I notice in the more rough construction, the knobs are usually closer to the bottom of the stone and many times near a feature of a corner or a complicated compound angle bordering another rock. Because of this observation, it was my thought that these knobs were the area of contact or focus of the source of this stone softening device.
If you consider the possibility of this technology being a focused directional affect essentially aimed at a stone, and you allow for the possibility that the stone softening occurs the most at the point of penetration and radiates out through the stone with decreasing effect the farther away from the source of focus, it presumes you might want to aim that focal point closer to an area where you want the most form change to occur, like for instance a corner where there are more than one surface you want to shape.
I also presume with a stone being softened, its natural weight and the effects of gravity would make the soft stone sag and droop into a space, therefore necessitating the need to apply the focus of this affect towards the lower point where you want the most deformation to occur.
It sounds like you make the observation that where the knobs are more centered, the stone work is more precise and rectangular. Given the possibility of the above aspects of this technology, perhaps on stone work that has a more precise flat symetry, and knobs more centered, used some kind of mold assistance. If you presume the focus of the beam is not biased to particular corners where you want the deformation to settle into, perhaps the beam would have to be stronger to assure the softening effects reach the full volume of the stone, but with that intensity, the stone might sag too much and bulge out from the wall. In this case perhaps they had a large metal sheet up against the wall with a hole in the middle to shoot the beam. In this case, were this the case, you might find that the surface of these blocks would be perfectly flat and the knob would have a uniform shape that is identical in each block, rather than the nonuniform nature of the knobs on the walls that show a bias to their location on the stone itself.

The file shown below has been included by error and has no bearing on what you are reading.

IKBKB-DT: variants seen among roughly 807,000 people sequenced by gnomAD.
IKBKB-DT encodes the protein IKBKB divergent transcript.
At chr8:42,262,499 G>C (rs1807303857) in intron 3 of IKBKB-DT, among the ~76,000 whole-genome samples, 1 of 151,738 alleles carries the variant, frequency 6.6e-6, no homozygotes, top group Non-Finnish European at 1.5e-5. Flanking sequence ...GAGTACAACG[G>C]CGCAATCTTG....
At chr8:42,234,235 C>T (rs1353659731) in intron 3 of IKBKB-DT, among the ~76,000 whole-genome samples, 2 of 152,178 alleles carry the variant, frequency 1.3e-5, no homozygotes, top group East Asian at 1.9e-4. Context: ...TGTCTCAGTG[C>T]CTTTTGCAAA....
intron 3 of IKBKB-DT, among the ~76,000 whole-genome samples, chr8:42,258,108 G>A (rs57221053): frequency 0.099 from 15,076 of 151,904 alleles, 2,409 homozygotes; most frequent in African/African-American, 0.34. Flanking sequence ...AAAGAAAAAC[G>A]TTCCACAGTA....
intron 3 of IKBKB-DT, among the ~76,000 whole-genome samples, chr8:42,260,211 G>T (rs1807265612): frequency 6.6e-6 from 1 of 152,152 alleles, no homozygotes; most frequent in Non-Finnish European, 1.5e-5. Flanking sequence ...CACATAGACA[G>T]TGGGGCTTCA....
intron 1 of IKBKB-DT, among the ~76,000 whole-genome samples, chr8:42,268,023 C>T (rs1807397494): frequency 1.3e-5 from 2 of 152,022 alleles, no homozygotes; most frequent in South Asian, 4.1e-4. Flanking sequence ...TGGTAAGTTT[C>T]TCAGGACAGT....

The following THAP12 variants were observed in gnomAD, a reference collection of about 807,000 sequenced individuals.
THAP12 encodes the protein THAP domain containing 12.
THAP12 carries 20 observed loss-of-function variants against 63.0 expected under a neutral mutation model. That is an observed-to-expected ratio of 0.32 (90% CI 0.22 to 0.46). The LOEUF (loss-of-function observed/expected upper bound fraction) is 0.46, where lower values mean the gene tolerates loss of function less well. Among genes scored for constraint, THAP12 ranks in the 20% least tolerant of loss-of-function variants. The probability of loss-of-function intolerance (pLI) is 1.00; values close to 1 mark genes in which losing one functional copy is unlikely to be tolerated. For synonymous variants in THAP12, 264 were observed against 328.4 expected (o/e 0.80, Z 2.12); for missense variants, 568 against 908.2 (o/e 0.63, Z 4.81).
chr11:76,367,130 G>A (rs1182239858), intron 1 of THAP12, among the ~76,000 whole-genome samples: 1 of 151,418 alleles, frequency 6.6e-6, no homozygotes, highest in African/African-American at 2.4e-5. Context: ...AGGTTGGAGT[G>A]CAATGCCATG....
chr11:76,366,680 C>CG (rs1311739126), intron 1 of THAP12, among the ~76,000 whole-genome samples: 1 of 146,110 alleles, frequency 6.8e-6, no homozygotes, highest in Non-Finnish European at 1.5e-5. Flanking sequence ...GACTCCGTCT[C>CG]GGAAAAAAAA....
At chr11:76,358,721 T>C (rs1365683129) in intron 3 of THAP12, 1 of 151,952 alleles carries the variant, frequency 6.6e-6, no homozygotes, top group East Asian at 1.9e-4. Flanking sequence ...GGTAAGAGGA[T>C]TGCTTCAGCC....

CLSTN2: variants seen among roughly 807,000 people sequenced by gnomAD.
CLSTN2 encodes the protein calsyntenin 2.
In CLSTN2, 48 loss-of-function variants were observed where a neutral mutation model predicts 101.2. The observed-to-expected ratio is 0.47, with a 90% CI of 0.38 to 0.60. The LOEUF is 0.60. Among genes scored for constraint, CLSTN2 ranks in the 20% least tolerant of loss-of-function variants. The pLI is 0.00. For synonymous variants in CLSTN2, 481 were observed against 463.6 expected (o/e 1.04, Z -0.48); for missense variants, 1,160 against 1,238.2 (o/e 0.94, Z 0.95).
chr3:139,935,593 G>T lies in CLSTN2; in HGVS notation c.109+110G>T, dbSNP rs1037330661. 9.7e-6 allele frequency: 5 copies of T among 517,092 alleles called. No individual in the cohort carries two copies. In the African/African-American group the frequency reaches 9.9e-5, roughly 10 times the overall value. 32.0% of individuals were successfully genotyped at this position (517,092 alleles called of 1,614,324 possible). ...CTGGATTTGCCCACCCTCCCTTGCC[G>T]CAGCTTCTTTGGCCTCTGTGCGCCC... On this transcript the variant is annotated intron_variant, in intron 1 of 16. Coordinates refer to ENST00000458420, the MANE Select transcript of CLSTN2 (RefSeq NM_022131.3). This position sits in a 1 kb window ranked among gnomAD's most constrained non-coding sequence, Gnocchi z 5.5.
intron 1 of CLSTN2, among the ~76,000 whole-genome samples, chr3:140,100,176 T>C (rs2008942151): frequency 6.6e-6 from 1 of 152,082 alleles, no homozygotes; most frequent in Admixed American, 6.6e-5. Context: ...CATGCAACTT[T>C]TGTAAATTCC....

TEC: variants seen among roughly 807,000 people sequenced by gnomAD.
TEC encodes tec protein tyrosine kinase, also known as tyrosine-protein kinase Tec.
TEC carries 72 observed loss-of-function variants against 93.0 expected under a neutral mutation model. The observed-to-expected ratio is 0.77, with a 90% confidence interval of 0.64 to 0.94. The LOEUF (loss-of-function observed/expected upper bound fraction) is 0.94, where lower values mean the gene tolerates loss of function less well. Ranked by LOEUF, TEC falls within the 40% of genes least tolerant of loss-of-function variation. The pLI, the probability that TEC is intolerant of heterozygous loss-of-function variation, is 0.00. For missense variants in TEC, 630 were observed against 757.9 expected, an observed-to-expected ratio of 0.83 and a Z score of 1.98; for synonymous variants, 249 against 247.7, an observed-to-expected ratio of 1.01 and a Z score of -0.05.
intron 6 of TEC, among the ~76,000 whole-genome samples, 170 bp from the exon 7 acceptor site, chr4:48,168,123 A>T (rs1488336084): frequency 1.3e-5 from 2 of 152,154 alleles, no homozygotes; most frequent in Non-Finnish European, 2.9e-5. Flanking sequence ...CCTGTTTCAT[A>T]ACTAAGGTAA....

Based on these above presumptions, a way to confirm this might be to evaluate the two surfaces of two blocks above and below each other, (obviously in the case where a wall has come apart rather than actually disassembling a wall). If you presume the stones were originally cut to approximate sizes, (approximate being good enough considering the possibility of this second stage of in situ stone softening to perfect the contact points), then you might find that the cut surface would never have a convex feature, but it is possible it might have a concave feature. This presumes that if you were to be able to evaluate the upper surface of the lower rock and the lower surface of the upper rock, you might never find a convex surface on a lower rocks upper surface and just as likely you might never find a concave surface on the lower surface of an upper rock.
And even further, where there are no visible nobs on obviously huge megalithic structures with more precise surfaces and stone shapes, perhaps the focal point of this softening was applied to the top surface between the stones. As in these cases the walls appear to near perfection on the surface, it could be another case of some metal sheet barrier held to the outside to prevent sagging on the surface while the focused effect is aimed at the top surface of the stone, therefore concealing the source deformation. In other words, perhaps between the joints of these stones is evidence of a concave deformation showing the volume sag a that point accounting for the stone volume settling into the nooks and cranny's of the surrounding stones. Again, it would require observation of the surfaces between these stones to corroborate.
However, there is evidence of concave shapes at the joint points on the tops of stones, thought to incase metal brackets. It was thought that these metal brackets helped hold these stones together, but I've never heard of any evidence of these brackets being found. Perhaps these shapes are merely the shape of the beam applied to these points. It would therefore make sense the beam would be applied to the seam joint between two stones allowing for both stones sides to form together. Just a thought.
Just some observation and presumptions. Do your observations play these thoughts out?
Edited 2 time(s). Last edit at 29-Aug-16 13:41 by Open mind.